Effective record keeping practices are not only important for monitoring regular activities and making informed decisions but also for meeting tax obligations. The record keeping requirements in Singapore mandate that companies maintain accurate and complete financial records.

These records serve as evidence for the company’s financial transactions and help to fulfill its tax obligations in Singapore. Maintaining accurate and up-to-date records ensures that businesses can:

Monitor the company’s progress

Maintaining accurate records of a business’s performance is essential for monitoring its progress. Such records can facilitate the identification of areas where the business excels, which products or services are in high demand, and what modifications may be required.

Companies can enhance their prospects of success by ensuring they keep meticulous records.

Prepare the financial statements

Creating precise financial statements, such as profit and loss and balance sheets, necessitates meticulous record keeping. These statements provide valuable information to help a business deal with its bank or creditors and manage its finances effectively.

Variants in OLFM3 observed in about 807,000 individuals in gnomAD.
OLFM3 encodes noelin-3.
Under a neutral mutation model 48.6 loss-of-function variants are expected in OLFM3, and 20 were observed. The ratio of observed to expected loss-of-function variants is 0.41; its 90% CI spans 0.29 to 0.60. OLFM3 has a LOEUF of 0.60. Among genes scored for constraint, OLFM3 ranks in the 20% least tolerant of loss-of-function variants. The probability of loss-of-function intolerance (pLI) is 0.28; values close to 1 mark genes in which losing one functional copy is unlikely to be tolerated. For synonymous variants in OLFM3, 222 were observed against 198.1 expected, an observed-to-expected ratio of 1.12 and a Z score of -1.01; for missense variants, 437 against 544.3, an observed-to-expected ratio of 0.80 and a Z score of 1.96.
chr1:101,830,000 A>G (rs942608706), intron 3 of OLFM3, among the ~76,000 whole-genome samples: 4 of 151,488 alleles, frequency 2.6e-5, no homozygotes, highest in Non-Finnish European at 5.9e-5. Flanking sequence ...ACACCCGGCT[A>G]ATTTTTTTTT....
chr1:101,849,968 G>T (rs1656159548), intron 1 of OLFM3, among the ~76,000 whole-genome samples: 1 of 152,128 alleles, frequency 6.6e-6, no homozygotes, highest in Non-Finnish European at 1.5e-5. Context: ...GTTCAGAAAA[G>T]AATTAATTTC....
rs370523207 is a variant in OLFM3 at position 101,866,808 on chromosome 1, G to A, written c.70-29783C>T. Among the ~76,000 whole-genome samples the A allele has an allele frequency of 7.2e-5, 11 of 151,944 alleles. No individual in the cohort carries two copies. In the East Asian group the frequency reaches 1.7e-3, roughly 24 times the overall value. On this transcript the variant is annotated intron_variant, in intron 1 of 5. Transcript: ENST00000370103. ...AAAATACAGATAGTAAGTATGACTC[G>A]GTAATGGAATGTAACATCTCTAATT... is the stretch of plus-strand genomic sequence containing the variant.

Having well-organized records ensures that financial statements are reliable and can be used to make informed business decisions.

Identify sources of income

Businesses acquire funds or assets from diverse channels, and keeping precise records can assist in identifying the sources of income.

This knowledge is crucial in distinguishing between business and non-business earnings and computing taxable income by distinguishing it from nontaxable income.

Keep track of expenses

Failing to record expenses promptly can lead to forgetting them when preparing the tax return. Maintaining accurate records of expenses is thus crucial to ensure claiming all eligible deductions.

Prepare tax returns

Preparing accurate tax returns requires maintaining good records. The recorded income, expenses, and credits must support taxpayer reports on their tax return. Business owners can also use the records to monitor a business and prepare financial statements for tax return preparation.